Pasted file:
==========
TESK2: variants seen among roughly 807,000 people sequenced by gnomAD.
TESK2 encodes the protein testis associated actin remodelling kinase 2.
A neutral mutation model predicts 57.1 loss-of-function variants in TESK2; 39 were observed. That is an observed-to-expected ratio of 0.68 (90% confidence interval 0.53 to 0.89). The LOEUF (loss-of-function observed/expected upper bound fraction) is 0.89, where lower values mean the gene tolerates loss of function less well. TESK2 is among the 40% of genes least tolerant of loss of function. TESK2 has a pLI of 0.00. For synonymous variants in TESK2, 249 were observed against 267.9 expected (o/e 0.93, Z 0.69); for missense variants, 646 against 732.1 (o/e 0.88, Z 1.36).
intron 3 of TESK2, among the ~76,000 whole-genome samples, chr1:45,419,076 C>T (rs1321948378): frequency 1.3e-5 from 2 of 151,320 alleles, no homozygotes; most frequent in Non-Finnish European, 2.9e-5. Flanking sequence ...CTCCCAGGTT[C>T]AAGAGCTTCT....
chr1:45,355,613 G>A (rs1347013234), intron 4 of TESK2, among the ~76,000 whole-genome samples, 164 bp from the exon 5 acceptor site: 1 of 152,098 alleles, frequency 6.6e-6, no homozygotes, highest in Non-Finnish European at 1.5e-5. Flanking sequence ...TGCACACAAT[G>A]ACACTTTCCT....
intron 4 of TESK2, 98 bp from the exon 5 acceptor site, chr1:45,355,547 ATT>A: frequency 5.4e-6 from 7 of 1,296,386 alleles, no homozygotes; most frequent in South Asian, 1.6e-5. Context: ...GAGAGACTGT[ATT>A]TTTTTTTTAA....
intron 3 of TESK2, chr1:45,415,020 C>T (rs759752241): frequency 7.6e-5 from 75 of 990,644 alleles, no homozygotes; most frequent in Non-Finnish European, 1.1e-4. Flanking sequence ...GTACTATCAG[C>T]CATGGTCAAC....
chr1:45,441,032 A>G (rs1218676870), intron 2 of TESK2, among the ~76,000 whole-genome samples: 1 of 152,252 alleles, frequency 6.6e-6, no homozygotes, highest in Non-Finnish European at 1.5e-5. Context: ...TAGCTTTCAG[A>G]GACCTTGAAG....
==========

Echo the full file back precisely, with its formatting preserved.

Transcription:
TESK2: variants seen among roughly 807,000 people sequenced by gnomAD.
TESK2 encodes the protein testis associated actin remodelling kinase 2.
A neutral mutation model predicts 57.1 loss-of-function variants in TESK2; 39 were observed. That is an observed-to-expected ratio of 0.68 (90% confidence interval 0.53 to 0.89). The LOEUF (loss-of-function observed/expected upper bound fraction) is 0.89, where lower values mean the gene tolerates loss of function less well. TESK2 is among the 40% of genes least tolerant of loss of function. TESK2 has a pLI of 0.00. For synonymous variants in TESK2, 249 were observed against 267.9 expected (o/e 0.93, Z 0.69); for missense variants, 646 against 732.1 (o/e 0.88, Z 1.36).
intron 3 of TESK2, among the ~76,000 whole-genome samples, chr1:45,419,076 C>T (rs1321948378): frequency 1.3e-5 from 2 of 151,320 alleles, no homozygotes; most frequent in Non-Finnish European, 2.9e-5. Flanking sequence ...CTCCCAGGTT[C>T]AAGAGCTTCT....
chr1:45,355,613 G>A (rs1347013234), intron 4 of TESK2, among the ~76,000 whole-genome samples, 164 bp from the exon 5 acceptor site: 1 of 152,098 alleles, frequency 6.6e-6, no homozygotes, highest in Non-Finnish European at 1.5e-5. Flanking sequence ...TGCACACAAT[G>A]ACACTTTCCT....
intron 4 of TESK2, 98 bp from the exon 5 acceptor site, chr1:45,355,547 ATT>A: frequency 5.4e-6 from 7 of 1,296,386 alleles, no homozygotes; most frequent in South Asian, 1.6e-5. Context: ...GAGAGACTGT[ATT>A]TTTTTTTTAA....
intron 3 of TESK2, chr1:45,415,020 C>T (rs759752241): frequency 7.6e-5 from 75 of 990,644 alleles, no homozygotes; most frequent in Non-Finnish European, 1.1e-4. Flanking sequence ...GTACTATCAG[C>T]CATGGTCAAC....
chr1:45,441,032 A>G (rs1218676870), intron 2 of TESK2, among the ~76,000 whole-genome samples: 1 of 152,252 alleles, frequency 6.6e-6, no homozygotes, highest in Non-Finnish European at 1.5e-5. Context: ...TAGCTTTCAG[A>G]GACCTTGAAG....